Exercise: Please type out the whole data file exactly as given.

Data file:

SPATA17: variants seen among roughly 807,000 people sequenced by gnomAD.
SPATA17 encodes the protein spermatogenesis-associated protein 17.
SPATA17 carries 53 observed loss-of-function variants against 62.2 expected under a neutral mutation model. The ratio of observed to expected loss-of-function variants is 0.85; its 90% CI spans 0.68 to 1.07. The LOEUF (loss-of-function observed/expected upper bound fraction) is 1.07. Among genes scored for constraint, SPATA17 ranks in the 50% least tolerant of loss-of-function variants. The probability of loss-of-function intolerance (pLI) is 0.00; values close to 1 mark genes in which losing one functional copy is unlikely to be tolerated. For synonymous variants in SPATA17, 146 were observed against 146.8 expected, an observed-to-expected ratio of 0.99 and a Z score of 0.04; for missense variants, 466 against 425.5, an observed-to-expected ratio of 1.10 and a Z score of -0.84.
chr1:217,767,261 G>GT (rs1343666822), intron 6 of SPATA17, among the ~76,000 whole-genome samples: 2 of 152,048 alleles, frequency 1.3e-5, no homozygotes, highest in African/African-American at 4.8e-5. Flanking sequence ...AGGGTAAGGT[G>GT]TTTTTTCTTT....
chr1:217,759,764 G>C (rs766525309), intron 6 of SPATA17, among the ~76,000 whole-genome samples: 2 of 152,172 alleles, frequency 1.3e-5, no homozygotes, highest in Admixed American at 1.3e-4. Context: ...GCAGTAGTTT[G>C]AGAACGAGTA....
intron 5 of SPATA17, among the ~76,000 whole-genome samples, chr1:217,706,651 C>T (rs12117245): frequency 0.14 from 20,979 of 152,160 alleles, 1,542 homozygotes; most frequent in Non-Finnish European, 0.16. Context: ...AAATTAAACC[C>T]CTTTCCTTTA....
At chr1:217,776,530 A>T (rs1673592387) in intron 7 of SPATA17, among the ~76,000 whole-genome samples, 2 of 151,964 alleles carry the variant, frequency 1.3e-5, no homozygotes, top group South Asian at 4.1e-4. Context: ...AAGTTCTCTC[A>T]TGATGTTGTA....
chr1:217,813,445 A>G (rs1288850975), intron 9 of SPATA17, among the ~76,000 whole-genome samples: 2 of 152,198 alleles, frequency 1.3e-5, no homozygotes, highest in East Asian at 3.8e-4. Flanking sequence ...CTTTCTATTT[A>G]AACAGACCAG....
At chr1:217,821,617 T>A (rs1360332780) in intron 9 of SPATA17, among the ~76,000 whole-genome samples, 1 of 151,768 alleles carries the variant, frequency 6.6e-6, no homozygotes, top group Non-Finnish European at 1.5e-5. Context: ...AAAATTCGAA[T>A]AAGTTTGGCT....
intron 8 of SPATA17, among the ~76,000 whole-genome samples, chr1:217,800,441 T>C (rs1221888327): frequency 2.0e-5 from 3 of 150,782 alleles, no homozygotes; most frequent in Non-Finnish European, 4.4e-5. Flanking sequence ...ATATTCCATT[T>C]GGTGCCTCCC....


SPATA17: variants seen among roughly 807,000 people sequenced by gnomAD.
SPATA17 encodes the protein spermatogenesis-associated protein 17.
SPATA17 carries 53 observed loss-of-function variants against 62.2 expected under a neutral mutation model. The ratio of observed to expected loss-of-function variants is 0.85; its 90% CI spans 0.68 to 1.07. The LOEUF (loss-of-function observed/expected upper bound fraction) is 1.07. Among genes scored for constraint, SPATA17 ranks in the 50% least tolerant of loss-of-function variants. The probability of loss-of-function intolerance (pLI) is 0.00; values close to 1 mark genes in which losing one functional copy is unlikely to be tolerated. For synonymous variants in SPATA17, 146 were observed against 146.8 expected, an observed-to-expected ratio of 0.99 and a Z score of 0.04; for missense variants, 466 against 425.5, an observed-to-expected ratio of 1.10 and a Z score of -0.84.
chr1:217,767,261 G>GT (rs1343666822), intron 6 of SPATA17, among the ~76,000 whole-genome samples: 2 of 152,048 alleles, frequency 1.3e-5, no homozygotes, highest in African/African-American at 4.8e-5. Flanking sequence ...AGGGTAAGGT[G>GT]TTTTTTCTTT....
chr1:217,759,764 G>C (rs766525309), intron 6 of SPATA17, among the ~76,000 whole-genome samples: 2 of 152,172 alleles, frequency 1.3e-5, no homozygotes, highest in Admixed American at 1.3e-4. Context: ...GCAGTAGTTT[G>C]AGAACGAGTA....
intron 5 of SPATA17, among the ~76,000 whole-genome samples, chr1:217,706,651 C>T (rs12117245): frequency 0.14 from 20,979 of 152,160 alleles, 1,542 homozygotes; most frequent in Non-Finnish European, 0.16. Context: ...AAATTAAACC[C>T]CTTTCCTTTA....
At chr1:217,776,530 A>T (rs1673592387) in intron 7 of SPATA17, among the ~76,000 whole-genome samples, 2 of 151,964 alleles carry the variant, frequency 1.3e-5, no homozygotes, top group South Asian at 4.1e-4. Context: ...AAGTTCTCTC[A>T]TGATGTTGTA....
chr1:217,813,445 A>G (rs1288850975), intron 9 of SPATA17, among the ~76,000 whole-genome samples: 2 of 152,198 alleles, frequency 1.3e-5, no homozygotes, highest in East Asian at 3.8e-4. Flanking sequence ...CTTTCTATTT[A>G]AACAGACCAG....
At chr1:217,821,617 T>A (rs1360332780) in intron 9 of SPATA17, among the ~76,000 whole-genome samples, 1 of 151,768 alleles carries the variant, frequency 6.6e-6, no homozygotes, top group Non-Finnish European at 1.5e-5. Context: ...AAAATTCGAA[T>A]AAGTTTGGCT....
intron 8 of SPATA17, among the ~76,000 whole-genome samples, chr1:217,800,441 T>C (rs1221888327): frequency 2.0e-5 from 3 of 150,782 alleles, no homozygotes; most frequent in Non-Finnish European, 4.4e-5. Flanking sequence ...ATATTCCATT[T>C]GGTGCCTCCC....